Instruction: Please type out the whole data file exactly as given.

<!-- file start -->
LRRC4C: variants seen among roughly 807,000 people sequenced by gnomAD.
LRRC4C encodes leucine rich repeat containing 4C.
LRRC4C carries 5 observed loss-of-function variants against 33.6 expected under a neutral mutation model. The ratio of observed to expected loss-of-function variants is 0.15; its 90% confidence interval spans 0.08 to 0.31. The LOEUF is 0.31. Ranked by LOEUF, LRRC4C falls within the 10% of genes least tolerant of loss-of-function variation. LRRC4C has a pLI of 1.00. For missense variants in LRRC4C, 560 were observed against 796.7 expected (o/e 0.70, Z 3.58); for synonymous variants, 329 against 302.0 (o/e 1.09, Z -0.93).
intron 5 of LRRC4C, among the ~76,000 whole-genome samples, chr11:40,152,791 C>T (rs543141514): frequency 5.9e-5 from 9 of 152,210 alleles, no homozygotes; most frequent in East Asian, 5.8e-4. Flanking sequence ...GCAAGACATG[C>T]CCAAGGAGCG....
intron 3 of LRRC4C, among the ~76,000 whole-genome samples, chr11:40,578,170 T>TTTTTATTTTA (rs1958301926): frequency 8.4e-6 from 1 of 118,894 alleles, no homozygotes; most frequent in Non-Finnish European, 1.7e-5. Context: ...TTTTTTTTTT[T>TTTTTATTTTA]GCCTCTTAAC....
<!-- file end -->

LRRC4C: variants seen among roughly 807,000 people sequenced by gnomAD.
LRRC4C encodes leucine rich repeat containing 4C.
LRRC4C carries 5 observed loss-of-function variants against 33.6 expected under a neutral mutation model. The ratio of observed to expected loss-of-function variants is 0.15; its 90% confidence interval spans 0.08 to 0.31. The LOEUF is 0.31. Ranked by LOEUF, LRRC4C falls within the 10% of genes least tolerant of loss-of-function variation. LRRC4C has a pLI of 1.00. For missense variants in LRRC4C, 560 were observed against 796.7 expected (o/e 0.70, Z 3.58); for synonymous variants, 329 against 302.0 (o/e 1.09, Z -0.93).
intron 5 of LRRC4C, among the ~76,000 whole-genome samples, chr11:40,152,791 C>T (rs543141514): frequency 5.9e-5 from 9 of 152,210 alleles, no homozygotes; most frequent in East Asian, 5.8e-4. Flanking sequence ...GCAAGACATG[C>T]CCAAGGAGCG....
intron 3 of LRRC4C, among the ~76,000 whole-genome samples, chr11:40,578,170 T>TTTTTATTTTA (rs1958301926): frequency 8.4e-6 from 1 of 118,894 alleles, no homozygotes; most frequent in Non-Finnish European, 1.7e-5. Context: ...TTTTTTTTTT[T>TTTTTATTTTA]GCCTCTTAAC....